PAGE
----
Achieving warm standby

Updated: May 06, 2022

In warm standby, another instance of the process is already resident in memory, and may be partially initialized. When the primary process fails, the overlord or the standby notices that the primary process has failed, and informs the standby process that it should now assume the duties of the primary process. For this system to work, the newly started process should arrange to create another warm standby copy of itself, in case it meets with an untimely end.

Generally, a warm standby process would be something that might take a long time to initialize (perhaps precalculating some tables), but once called into action can switch over to active mode quickly.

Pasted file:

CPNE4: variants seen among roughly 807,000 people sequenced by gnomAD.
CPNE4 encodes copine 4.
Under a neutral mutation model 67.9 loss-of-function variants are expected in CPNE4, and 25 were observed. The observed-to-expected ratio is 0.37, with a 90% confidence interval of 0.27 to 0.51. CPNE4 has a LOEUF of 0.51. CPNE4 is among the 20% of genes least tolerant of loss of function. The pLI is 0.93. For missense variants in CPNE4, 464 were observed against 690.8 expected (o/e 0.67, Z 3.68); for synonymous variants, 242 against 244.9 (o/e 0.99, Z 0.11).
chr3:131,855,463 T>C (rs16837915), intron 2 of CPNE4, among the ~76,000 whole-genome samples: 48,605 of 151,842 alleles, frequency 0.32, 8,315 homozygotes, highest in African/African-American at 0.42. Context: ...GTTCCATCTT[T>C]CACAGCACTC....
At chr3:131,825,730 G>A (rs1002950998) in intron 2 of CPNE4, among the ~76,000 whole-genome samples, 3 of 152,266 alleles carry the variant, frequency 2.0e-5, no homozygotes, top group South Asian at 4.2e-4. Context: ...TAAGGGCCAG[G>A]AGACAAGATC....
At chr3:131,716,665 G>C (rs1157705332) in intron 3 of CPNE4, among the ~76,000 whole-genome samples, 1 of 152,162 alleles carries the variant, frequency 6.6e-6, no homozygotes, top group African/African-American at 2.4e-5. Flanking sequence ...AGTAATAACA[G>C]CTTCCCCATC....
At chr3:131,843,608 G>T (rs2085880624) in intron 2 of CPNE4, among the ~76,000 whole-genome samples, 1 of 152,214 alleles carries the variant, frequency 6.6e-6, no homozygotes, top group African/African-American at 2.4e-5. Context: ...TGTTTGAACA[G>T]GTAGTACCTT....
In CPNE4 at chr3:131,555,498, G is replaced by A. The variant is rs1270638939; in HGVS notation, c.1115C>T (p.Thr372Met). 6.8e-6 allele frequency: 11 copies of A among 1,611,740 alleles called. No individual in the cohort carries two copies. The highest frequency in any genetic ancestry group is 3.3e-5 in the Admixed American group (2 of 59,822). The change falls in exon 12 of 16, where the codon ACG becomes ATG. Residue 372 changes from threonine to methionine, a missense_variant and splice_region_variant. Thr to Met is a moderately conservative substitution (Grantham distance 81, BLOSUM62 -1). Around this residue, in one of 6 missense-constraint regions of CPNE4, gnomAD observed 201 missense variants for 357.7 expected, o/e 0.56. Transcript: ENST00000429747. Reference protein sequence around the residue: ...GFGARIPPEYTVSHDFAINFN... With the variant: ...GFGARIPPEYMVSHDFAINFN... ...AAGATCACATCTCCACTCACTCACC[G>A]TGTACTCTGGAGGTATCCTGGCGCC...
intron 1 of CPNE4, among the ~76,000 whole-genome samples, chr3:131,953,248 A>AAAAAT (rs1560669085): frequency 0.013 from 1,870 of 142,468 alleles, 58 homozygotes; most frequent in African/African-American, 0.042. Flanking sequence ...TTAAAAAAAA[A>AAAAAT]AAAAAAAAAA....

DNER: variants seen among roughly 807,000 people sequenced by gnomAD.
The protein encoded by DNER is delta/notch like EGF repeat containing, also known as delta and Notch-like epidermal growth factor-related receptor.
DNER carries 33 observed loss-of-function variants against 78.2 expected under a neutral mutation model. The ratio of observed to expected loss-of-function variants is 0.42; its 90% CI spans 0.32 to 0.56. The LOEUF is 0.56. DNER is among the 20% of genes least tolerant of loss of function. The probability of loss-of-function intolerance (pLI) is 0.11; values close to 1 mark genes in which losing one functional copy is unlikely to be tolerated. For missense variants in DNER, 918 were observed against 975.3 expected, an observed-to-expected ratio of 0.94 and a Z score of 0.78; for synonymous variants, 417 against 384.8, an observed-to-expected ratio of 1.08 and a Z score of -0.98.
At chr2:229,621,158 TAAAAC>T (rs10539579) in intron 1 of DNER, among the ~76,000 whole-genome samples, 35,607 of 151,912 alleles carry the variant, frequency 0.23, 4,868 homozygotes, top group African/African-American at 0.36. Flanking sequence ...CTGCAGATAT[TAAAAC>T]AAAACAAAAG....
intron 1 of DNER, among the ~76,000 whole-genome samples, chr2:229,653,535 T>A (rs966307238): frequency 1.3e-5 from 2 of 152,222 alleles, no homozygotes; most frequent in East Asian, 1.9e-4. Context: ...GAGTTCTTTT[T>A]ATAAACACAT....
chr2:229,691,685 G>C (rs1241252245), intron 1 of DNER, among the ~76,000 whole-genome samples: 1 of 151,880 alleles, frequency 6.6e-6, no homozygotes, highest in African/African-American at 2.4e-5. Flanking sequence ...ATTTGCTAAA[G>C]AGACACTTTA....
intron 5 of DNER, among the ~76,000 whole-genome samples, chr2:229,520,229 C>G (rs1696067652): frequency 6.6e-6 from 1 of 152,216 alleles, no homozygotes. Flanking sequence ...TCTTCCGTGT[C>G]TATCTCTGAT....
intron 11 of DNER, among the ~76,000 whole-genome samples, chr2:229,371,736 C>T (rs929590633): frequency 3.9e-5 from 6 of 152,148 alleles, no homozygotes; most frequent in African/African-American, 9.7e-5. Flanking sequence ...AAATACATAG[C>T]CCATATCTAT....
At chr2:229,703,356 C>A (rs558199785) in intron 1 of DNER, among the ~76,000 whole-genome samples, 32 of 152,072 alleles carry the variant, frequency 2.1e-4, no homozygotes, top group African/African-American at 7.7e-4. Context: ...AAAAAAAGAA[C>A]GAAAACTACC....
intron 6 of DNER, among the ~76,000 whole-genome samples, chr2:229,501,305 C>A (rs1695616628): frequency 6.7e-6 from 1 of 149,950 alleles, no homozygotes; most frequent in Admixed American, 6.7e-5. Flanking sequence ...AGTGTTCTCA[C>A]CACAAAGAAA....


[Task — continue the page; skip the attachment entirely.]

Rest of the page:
The MTTR of a warm standby process is in between the MTTR of cold standby and hot standby. The implementation of a warm standby process is still relatively straightforward; it works just like a newly started process, except that after it reaches a certain point in its processing, it lies dormant, waiting for the primary process to fail. Then it wakes up, performs whatever further initialization it needs to, and runs.

The reason a warm standby process may need to perform further initialization only after it's been activated is that it may depend on being able to determine the current state of the system before it can service requests, but such determination cannot be made a priori; it can only be made when the standby is about to service requests.